March 27, 2011

Broke Teacher.

Bad business is bad yoga.

My first memory of money is through the eyes of my grandfather.  I was young, maybe four or five, and I was sitting in the passenger seat of my grandfather’s Cadillac.  We were returning from the grocery store where we had picked up a needed and forgotten item for grandmother’s dinner.  As we pulled up to my grandparent’s southern California valley ranch house, I turned to my grandfather and asked, “GP (that’s what the cohort of grandchildren called him), how much money do you have in the bank?”  I was just discovering the fascinating world of value and commerce – something the adults around seemed to constantly obsess over.

My grandfather turned to me and said, “Son, don’t ask people about money.”

And that was it.  My first conscious lesson about money was that we’re not suppose to talk about money.  I later learned that we’re also not suppose to talk about sex, politics or religion.  The things that are often most valuable, most essential, and most defining of our humanity are off limits.  It’s interesting that these constraints have carried over into the world of practice and development where we’re not suppose to talk about development or enlightenment – that is, unless we’re gossiping about someone or conversely idolizing someone.

I’ve often wondered why so many things are off limits:  Why not talk about our money?  Why not talk about our sex?  Why not talk about our development?

At the core of it, and there are perhaps a lot of cores, these are the standards we use to value ourselves and others.  Money, development, religion are the measures we use to substantiate ourselves and if we discuss such things and others disapprove we risk devaluing ourselves.  We risk being worthless.  And because we risk being worthless, we don’t go there with others, and we don’t go there with ourselves.

Enter yoga, stage left, where ultimately internals are valued over externals (sweet relief).  No matter what the culture of the specific tradition – renunciation or world embracing tantra – there is a preference towards internal development and world-abandon.  And here, because we value internals, we don’t talk about development, awakening, and enlightenment – we would risk being worthless.  And, because internals are more valuable, we lose a sense of the importance and necessity of externals – we find it okay to disregard money and business because we believe that we have evolved beyond it.

Sadly, that’s an illusion.

In a recent dialogue I had with Certified Anusara Yoga Teacher Cate Stillman for her Mentor’s Course, Cate and I discussed the yoga of business and the business of yoga.  [If you’re interested, you can listen to the dialogue here.]  During this conversation, I settled into a few things I’ve been milling over for many years having left full time teaching for two reasons:  1) I wanted greater impact in the world and teaching was limited to the people that showed up to class, a workshop or a talk, and 2) I needed to make more money.

I had done a survey of the financial state of the wellness industry and though it is a billion dollar industry the majority of profit is in products and real estate.  The very, very few top paid teachers are making around $200,000 a year.  This wasn’t enough for me.  I went back to school, I started consulting, and now more than five years later, I an executive at a corporation about to go public.  Business is my yoga.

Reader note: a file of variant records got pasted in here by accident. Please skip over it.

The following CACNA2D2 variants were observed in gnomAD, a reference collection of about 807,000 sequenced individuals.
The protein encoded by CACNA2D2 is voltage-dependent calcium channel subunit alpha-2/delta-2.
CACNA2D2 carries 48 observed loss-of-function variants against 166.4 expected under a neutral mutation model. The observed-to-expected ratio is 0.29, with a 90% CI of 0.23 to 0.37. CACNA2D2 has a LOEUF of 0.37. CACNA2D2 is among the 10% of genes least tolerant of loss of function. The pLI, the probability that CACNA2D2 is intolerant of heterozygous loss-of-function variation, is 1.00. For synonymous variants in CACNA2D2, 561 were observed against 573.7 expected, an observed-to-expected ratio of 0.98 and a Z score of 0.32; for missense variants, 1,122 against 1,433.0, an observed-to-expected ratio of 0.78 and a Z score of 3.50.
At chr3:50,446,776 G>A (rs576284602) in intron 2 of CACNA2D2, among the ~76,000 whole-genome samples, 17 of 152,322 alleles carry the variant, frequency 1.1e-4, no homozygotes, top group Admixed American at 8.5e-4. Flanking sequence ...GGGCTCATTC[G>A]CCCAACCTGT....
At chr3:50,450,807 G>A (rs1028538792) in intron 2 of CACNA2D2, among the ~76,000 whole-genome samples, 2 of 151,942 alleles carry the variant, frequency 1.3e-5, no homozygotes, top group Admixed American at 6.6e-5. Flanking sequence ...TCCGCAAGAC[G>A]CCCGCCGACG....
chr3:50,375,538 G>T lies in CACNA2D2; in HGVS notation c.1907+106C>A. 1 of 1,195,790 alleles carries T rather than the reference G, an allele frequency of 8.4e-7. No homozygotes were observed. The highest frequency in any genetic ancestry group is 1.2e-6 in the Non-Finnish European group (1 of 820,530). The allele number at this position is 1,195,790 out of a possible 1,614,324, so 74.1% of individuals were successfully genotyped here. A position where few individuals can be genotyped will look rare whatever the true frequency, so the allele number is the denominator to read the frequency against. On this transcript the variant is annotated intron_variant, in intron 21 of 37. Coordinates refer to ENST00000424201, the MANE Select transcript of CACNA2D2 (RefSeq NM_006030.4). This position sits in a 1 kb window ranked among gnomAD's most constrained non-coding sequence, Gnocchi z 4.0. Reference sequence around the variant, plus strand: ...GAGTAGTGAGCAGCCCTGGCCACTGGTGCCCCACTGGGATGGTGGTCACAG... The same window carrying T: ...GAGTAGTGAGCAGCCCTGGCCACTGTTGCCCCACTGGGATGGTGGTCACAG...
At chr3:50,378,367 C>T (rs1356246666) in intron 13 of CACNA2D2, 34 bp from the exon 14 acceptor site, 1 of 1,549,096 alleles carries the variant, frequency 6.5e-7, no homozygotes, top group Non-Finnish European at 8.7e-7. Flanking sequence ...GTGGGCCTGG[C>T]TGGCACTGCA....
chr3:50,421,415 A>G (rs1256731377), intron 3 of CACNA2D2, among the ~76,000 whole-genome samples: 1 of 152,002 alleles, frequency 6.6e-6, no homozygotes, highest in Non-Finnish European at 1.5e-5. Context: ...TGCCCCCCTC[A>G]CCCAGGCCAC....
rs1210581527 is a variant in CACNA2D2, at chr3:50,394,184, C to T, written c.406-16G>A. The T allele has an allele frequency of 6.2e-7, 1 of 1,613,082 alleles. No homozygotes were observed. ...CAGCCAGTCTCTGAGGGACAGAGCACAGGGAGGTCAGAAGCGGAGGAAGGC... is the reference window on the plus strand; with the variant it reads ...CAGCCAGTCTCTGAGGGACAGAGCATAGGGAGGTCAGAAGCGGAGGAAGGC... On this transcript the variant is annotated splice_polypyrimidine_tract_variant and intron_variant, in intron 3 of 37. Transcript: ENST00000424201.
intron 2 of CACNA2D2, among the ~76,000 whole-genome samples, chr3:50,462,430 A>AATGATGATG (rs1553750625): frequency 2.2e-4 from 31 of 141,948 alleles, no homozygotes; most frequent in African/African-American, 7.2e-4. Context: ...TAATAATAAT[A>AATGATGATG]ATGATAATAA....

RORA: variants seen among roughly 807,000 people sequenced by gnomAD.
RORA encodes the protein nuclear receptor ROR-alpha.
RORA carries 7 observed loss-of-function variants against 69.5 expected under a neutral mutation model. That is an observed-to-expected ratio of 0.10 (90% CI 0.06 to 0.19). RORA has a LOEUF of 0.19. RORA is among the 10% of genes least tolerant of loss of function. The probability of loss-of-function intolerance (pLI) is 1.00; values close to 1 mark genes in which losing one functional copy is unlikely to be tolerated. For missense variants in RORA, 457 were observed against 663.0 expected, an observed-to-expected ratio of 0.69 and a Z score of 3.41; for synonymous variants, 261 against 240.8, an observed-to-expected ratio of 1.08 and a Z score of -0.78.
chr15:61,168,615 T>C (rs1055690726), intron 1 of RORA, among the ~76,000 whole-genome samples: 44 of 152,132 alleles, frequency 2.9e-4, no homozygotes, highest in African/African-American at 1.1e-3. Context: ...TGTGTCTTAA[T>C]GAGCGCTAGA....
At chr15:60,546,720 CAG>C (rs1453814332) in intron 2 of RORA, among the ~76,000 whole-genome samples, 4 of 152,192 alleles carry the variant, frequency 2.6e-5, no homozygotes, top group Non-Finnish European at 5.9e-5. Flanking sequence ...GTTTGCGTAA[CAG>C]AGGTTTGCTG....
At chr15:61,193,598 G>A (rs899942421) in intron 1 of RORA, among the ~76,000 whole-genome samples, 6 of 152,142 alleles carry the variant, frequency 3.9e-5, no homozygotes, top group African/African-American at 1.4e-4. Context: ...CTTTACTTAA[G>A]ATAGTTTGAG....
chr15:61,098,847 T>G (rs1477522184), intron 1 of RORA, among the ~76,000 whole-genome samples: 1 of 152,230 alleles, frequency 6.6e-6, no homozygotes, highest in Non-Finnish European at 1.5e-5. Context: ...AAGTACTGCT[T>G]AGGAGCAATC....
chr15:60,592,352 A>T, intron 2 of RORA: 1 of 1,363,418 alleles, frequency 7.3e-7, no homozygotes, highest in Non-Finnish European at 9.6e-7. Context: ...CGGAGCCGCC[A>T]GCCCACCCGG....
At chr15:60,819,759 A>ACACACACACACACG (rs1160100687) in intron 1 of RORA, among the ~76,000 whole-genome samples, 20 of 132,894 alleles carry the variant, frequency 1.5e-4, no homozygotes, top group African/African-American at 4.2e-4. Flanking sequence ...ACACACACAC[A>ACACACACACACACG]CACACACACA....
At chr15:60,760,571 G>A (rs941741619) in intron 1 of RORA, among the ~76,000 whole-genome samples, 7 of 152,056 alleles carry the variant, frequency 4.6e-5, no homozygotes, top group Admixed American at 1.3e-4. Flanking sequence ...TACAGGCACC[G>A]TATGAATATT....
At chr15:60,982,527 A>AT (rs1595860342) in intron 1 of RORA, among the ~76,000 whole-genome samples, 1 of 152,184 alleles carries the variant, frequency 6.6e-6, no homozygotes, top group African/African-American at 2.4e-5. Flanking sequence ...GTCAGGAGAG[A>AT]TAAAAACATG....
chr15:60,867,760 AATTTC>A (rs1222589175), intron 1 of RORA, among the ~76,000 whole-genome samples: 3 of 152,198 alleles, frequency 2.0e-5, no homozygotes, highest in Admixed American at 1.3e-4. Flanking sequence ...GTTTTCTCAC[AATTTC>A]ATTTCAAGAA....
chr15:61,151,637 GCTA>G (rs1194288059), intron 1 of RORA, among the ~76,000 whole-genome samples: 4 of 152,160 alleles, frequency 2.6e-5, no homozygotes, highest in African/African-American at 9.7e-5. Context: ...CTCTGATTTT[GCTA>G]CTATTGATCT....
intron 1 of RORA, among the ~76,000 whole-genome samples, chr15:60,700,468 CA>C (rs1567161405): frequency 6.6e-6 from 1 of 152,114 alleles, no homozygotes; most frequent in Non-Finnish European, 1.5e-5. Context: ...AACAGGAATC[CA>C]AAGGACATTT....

A question remains: why can’t yoga teachers make money?  Why do so many of my friends struggle? And why did I struggle?

And, thanks to the skills I’ve developed over the last ten years, and specifically the last five years, I’m beginning to arrive at some conclusions.  When a yoga teacher exits teacher training and embarks on a teaching career they are starting their own business – and most of the time they have no business, management and leadership training or skills.  And, while I’m at it, very little relationship skills too.  The way that most yoga teachers I know engage in their personal and professional relationships would never fly in the business world.  And the way most yoga teachers engage in business clearly doesn’t fly either – enough to get by, travel a bit to see their favorite teacher, and buy organic kale and dark chocolate isn’t mastery.

If yoga expects to the lead the world in a conscious evolution, we need to get a whole lot more conscious and a whole lot more skillful.  The Bhagavad Gita says that, “Yoga is skill in action.” And this goes well beyond the mat, buying organic local food, and recycling.  This is about business, leadership and relationships.  In my experience, most individuals and leaders in business and corporations, systems that are lambasted by the yoga community as evil and unconscious, are well developed beyond those in the yoga world. Most corporations treat their employees much better than the average studio or yoga business.

Typically I find several things contributing to unskillful business action: 1) a misunderstanding of what business is and its important role in all of our lives, 2) dislike and mistrust of business, 3) allergy to appearing conventional, 4) limited (internal) ideas about success and development, 5) spiritually limited ideas about commerce and exchange, and lastly 6) magical and mythical ideas about abundance.

If we’re going to change the world, we have to be better.  We have to change ourselves in order to change business – and business affects every person on this planet.  Yoga business should be the most successful business ever, and business is the vehicle that will change the world.

Stay tuned for the next installment of this series: How Business Will Change the World.

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